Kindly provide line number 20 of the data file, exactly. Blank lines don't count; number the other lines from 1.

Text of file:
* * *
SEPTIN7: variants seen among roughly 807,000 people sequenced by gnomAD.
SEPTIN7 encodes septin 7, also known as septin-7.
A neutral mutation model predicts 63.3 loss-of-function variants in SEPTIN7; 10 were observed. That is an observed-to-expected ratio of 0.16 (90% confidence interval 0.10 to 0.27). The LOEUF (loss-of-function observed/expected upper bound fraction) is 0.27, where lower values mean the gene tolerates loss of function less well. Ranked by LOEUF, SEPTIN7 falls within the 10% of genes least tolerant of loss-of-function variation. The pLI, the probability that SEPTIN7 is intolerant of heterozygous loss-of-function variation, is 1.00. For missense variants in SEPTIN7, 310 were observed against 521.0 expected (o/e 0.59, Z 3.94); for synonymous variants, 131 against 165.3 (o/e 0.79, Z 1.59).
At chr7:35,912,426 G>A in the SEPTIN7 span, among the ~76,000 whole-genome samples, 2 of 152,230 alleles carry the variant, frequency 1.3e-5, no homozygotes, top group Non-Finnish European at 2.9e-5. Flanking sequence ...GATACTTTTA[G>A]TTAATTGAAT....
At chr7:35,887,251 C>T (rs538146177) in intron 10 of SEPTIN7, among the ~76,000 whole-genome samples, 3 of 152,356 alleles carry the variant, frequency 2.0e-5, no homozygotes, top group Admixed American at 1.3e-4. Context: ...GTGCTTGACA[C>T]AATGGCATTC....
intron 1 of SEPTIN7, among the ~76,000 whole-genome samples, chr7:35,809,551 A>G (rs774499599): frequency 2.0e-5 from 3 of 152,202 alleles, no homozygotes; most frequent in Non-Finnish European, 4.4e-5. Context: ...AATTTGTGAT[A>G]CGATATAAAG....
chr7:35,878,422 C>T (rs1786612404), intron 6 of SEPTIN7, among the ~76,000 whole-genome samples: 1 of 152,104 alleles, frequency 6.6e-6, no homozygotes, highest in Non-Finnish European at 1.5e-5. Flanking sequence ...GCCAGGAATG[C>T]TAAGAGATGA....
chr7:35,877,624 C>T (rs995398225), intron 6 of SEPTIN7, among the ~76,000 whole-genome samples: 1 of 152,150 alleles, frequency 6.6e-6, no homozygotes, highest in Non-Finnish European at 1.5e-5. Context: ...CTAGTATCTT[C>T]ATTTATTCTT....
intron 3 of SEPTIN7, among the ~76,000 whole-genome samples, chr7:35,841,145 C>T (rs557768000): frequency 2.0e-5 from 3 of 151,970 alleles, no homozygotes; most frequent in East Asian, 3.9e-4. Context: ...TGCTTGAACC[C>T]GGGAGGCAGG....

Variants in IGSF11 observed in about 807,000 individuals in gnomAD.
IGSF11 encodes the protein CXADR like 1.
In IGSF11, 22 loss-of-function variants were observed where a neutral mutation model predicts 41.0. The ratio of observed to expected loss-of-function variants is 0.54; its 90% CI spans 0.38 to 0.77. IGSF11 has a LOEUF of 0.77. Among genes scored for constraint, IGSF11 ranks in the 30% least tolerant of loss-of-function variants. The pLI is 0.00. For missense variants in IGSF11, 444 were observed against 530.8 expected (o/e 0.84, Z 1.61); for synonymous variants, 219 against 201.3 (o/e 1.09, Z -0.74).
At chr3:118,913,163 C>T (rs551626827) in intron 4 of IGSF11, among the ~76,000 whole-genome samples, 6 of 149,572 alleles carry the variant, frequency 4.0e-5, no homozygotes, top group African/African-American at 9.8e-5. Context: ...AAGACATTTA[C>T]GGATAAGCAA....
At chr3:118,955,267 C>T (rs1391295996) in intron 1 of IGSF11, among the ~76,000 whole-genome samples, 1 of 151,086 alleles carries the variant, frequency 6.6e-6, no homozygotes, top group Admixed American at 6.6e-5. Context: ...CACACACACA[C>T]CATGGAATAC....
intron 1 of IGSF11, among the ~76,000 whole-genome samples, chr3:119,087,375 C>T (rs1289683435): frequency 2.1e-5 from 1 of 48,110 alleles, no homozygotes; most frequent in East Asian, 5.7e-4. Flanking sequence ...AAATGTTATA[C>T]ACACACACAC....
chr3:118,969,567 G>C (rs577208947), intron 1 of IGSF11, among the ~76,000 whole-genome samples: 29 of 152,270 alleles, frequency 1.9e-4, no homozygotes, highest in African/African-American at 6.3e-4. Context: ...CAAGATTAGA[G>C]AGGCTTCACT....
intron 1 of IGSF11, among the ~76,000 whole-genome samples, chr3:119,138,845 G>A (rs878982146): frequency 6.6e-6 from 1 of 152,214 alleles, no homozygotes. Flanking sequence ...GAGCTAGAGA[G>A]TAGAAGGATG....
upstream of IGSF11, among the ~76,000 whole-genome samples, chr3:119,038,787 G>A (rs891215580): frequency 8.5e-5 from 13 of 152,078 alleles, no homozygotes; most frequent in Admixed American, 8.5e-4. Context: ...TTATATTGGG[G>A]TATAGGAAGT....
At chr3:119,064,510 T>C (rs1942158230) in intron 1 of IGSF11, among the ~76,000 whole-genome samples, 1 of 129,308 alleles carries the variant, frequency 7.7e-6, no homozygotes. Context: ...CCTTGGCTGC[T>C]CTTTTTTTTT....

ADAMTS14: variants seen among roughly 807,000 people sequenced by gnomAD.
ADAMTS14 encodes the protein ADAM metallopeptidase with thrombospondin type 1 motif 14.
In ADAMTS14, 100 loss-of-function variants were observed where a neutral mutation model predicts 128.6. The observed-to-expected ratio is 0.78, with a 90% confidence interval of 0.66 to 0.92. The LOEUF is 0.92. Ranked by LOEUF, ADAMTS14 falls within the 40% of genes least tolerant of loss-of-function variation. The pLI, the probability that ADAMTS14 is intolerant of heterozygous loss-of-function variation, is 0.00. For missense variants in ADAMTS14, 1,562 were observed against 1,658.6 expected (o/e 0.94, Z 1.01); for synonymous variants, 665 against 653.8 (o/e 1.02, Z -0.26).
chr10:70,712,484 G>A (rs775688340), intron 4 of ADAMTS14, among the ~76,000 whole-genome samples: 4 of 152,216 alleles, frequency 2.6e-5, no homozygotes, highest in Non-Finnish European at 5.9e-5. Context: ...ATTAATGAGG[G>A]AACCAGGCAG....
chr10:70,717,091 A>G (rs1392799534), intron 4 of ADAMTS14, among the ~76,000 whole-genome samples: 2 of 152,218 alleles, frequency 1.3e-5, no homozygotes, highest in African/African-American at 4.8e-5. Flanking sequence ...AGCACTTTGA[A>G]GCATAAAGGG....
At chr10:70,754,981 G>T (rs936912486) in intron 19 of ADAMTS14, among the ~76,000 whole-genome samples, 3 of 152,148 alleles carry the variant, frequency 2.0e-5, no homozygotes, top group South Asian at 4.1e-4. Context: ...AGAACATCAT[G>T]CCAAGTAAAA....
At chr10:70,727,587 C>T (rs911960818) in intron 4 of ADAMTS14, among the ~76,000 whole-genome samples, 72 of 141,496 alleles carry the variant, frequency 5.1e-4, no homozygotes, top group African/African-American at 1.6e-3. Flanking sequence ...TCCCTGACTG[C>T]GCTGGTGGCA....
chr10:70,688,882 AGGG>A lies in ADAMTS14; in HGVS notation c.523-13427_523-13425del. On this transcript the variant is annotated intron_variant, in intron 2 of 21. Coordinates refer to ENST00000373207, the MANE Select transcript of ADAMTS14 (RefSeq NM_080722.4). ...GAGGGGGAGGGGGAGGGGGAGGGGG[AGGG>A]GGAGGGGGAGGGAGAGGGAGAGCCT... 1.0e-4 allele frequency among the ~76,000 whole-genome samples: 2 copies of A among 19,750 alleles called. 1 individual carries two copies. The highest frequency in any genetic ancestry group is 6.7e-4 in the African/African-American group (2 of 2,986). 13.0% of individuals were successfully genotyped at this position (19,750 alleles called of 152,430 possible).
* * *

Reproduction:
ADAMTS14: variants seen among roughly 807,000 people sequenced by gnomAD.